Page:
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The Evolving Security Paradigm: Protecting Your Business 10/20/16  10/20/16 11:53:23 AM Printer Friendly VersionPrinter Friendly Version

From left, panelists are Rama Kolli, Tim Horton, Steven Chabinsky and Amy Roland, with McGrath North Chairman and President Roger Wells.                
The Evolving Security Paradigm: Protecting Your Business
By Lorraine Boyd
The Daily Record

At McGrath North’s 2016 ethics seminar held recently, keynote speaker Steven Chabinsky, general counsel and chief risk officer for CrowdStrike, a cybersecurity technology firm – and who served 15 years in the FBI’s Cyber Division – painted a sobering picture of the ethical issues of cyber threats for attorneys. It quickly became clear that the responsibilities are broad and complex and the stakes are very high. “We are all targets because we are lawyers.” In a hub and spoke world, we are the hub, he said. Law firms must protect not only themselves but their clients’ information. His company’s motto: “We Stop Breaches.” He spoke of the IoE (Internet of Everything) that describes a new reality in which everything is networked and connected. Tesla, for instance, was able to fix a brake recall remotely. “What would prevent the bad guys from remotely accessing your brakes?”
Chabinsky also noted that the biggest cyber-security threat today is ransomware. He said hackers are able to break into nearly everything today, hence the need for redundancy of backup (hackers can even delete backups). The harms to your data include loss of confidentiality, integrity and availability. Encryption is great, but what if they just delete everything?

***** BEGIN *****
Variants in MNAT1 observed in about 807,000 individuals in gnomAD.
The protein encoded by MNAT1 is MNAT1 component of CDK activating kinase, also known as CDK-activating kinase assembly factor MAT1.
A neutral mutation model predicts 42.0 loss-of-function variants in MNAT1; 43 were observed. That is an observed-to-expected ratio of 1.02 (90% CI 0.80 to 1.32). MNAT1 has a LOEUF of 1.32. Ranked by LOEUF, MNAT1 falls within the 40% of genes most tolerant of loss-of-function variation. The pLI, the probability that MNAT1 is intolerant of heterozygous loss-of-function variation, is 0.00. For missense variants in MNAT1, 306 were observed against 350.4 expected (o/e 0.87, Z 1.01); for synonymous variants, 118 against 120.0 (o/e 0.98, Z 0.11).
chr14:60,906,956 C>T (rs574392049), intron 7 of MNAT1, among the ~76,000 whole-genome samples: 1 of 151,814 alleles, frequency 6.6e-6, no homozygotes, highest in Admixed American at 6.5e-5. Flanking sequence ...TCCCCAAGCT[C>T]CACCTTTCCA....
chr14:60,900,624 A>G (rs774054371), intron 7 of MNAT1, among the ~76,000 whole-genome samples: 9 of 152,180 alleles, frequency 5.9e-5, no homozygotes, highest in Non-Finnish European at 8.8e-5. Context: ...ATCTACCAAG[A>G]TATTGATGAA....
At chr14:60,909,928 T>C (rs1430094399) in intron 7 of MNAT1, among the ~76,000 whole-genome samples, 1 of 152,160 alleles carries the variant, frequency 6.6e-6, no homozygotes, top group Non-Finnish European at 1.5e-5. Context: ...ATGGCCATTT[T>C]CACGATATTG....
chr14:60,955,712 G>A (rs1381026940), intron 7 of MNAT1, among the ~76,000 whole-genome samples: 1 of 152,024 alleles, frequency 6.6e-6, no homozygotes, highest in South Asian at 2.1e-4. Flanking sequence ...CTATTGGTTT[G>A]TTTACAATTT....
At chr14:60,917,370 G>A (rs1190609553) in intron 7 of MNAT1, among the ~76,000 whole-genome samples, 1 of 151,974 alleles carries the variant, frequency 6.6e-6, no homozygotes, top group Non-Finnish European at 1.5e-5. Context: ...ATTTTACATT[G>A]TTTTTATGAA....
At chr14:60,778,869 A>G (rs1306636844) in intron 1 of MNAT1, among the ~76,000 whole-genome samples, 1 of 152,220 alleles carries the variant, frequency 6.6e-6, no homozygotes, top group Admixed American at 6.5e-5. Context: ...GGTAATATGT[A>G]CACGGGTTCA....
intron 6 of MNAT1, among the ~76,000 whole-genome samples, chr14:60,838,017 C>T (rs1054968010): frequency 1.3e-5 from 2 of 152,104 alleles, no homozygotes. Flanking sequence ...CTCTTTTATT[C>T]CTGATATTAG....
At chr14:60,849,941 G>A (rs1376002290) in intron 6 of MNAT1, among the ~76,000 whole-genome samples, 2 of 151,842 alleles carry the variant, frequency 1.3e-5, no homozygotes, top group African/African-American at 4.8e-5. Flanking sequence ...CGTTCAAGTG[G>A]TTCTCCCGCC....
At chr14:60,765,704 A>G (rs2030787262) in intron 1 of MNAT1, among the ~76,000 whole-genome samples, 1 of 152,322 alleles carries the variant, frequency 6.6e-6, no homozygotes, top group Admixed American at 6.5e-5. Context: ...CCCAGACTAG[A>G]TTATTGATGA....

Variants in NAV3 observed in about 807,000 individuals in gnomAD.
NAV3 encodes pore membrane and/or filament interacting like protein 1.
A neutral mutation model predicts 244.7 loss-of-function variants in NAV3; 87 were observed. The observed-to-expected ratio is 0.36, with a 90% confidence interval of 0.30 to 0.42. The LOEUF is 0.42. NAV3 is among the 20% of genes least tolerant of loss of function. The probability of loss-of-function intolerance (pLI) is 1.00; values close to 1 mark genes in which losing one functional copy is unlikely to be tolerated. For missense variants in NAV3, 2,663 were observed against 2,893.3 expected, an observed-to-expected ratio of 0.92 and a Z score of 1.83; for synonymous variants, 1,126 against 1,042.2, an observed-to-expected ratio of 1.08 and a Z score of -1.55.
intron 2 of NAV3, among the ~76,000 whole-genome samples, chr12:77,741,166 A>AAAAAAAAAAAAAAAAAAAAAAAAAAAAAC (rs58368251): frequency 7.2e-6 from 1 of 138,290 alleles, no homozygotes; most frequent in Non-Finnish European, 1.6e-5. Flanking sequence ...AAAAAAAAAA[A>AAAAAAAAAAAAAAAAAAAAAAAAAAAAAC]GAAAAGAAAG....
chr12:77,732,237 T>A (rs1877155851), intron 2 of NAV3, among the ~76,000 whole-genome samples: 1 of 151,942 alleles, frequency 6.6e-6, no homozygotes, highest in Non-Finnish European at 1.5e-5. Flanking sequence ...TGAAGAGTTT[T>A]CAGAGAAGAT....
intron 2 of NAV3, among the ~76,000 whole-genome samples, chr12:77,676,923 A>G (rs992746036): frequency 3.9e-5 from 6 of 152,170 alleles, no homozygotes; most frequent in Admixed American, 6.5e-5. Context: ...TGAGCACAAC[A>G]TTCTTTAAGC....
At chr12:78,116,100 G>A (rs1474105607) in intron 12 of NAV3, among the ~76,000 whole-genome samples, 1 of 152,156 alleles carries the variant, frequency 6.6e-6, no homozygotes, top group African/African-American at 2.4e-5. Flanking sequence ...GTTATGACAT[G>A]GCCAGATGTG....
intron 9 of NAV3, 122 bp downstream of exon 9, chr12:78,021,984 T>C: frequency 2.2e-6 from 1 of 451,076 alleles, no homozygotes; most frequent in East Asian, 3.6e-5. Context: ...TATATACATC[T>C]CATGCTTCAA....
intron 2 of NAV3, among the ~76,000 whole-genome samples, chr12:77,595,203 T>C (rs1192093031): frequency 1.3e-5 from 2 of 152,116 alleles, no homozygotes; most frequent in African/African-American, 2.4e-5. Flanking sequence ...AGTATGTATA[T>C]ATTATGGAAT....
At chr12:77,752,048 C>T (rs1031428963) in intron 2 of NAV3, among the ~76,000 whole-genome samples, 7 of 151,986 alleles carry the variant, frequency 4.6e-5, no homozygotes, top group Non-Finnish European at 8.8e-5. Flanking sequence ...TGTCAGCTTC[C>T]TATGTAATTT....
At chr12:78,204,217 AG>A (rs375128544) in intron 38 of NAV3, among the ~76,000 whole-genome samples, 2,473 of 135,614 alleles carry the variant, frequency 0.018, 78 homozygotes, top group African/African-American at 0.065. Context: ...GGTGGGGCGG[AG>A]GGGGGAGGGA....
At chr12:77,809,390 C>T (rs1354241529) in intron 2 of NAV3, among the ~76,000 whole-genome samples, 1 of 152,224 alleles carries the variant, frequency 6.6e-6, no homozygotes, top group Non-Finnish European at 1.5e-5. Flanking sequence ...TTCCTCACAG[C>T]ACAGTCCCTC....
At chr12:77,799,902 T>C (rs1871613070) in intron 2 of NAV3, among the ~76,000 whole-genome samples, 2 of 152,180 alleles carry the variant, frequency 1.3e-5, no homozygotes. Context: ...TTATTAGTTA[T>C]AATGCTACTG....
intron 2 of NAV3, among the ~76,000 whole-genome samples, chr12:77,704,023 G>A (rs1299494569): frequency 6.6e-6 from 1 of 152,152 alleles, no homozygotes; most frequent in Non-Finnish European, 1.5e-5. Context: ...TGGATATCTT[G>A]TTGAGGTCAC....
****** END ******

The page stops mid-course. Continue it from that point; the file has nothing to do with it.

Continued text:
Rama Kolli, vice president, Information Services and Chief Information Officer for Blue Cross and Blue Shield of Nebraska, warned that the way the human mind works “The more restrictive your security, the more creative they get!”
Tim Horton, vice president of Security and Fraud Product Management at First Data, advised: “Protect the data, the crown jewels of the company. PII data is six times more valuable than card data. Build a culture in the organization. Get rid of unneeded data.”
Amy Roland, McGrath North shareholder who leads the firm’s Intellectual Property and Technology Group, warned, “It’s not if, but when. Be prepared; it’s everyone’s responsibility.”

 
 
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